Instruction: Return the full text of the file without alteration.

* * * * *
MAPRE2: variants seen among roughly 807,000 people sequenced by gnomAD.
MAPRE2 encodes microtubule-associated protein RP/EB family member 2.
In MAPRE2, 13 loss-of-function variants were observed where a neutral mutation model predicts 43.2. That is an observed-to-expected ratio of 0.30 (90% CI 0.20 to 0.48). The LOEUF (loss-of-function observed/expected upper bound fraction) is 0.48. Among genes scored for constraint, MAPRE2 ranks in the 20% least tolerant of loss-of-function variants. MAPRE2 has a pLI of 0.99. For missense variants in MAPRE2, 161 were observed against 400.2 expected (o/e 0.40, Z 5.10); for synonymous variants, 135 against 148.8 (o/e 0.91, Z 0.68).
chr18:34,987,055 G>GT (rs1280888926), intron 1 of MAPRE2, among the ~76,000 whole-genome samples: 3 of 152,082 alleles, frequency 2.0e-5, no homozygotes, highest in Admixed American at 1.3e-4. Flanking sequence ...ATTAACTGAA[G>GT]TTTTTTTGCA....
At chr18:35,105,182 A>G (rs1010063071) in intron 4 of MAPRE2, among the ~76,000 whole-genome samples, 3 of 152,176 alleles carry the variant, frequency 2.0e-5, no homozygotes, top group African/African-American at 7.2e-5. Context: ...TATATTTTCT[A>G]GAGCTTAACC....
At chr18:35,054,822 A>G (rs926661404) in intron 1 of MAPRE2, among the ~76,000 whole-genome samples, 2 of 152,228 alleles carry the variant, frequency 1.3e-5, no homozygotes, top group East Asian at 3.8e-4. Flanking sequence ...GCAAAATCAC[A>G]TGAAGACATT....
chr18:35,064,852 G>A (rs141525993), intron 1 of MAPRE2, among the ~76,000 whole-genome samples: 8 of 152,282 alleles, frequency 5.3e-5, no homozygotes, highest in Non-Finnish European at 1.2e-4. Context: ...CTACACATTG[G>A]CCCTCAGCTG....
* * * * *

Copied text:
MAPRE2: variants seen among roughly 807,000 people sequenced by gnomAD.
MAPRE2 encodes microtubule-associated protein RP/EB family member 2.
In MAPRE2, 13 loss-of-function variants were observed where a neutral mutation model predicts 43.2. That is an observed-to-expected ratio of 0.30 (90% CI 0.20 to 0.48). The LOEUF (loss-of-function observed/expected upper bound fraction) is 0.48. Among genes scored for constraint, MAPRE2 ranks in the 20% least tolerant of loss-of-function variants. MAPRE2 has a pLI of 0.99. For missense variants in MAPRE2, 161 were observed against 400.2 expected (o/e 0.40, Z 5.10); for synonymous variants, 135 against 148.8 (o/e 0.91, Z 0.68).
chr18:34,987,055 G>GT (rs1280888926), intron 1 of MAPRE2, among the ~76,000 whole-genome samples: 3 of 152,082 alleles, frequency 2.0e-5, no homozygotes, highest in Admixed American at 1.3e-4. Flanking sequence ...ATTAACTGAA[G>GT]TTTTTTTGCA....
At chr18:35,105,182 A>G (rs1010063071) in intron 4 of MAPRE2, among the ~76,000 whole-genome samples, 3 of 152,176 alleles carry the variant, frequency 2.0e-5, no homozygotes, top group African/African-American at 7.2e-5. Context: ...TATATTTTCT[A>G]GAGCTTAACC....
At chr18:35,054,822 A>G (rs926661404) in intron 1 of MAPRE2, among the ~76,000 whole-genome samples, 2 of 152,228 alleles carry the variant, frequency 1.3e-5, no homozygotes, top group East Asian at 3.8e-4. Flanking sequence ...GCAAAATCAC[A>G]TGAAGACATT....
chr18:35,064,852 G>A (rs141525993), intron 1 of MAPRE2, among the ~76,000 whole-genome samples: 8 of 152,282 alleles, frequency 5.3e-5, no homozygotes, highest in Non-Finnish European at 1.2e-4. Context: ...CTACACATTG[G>A]CCCTCAGCTG....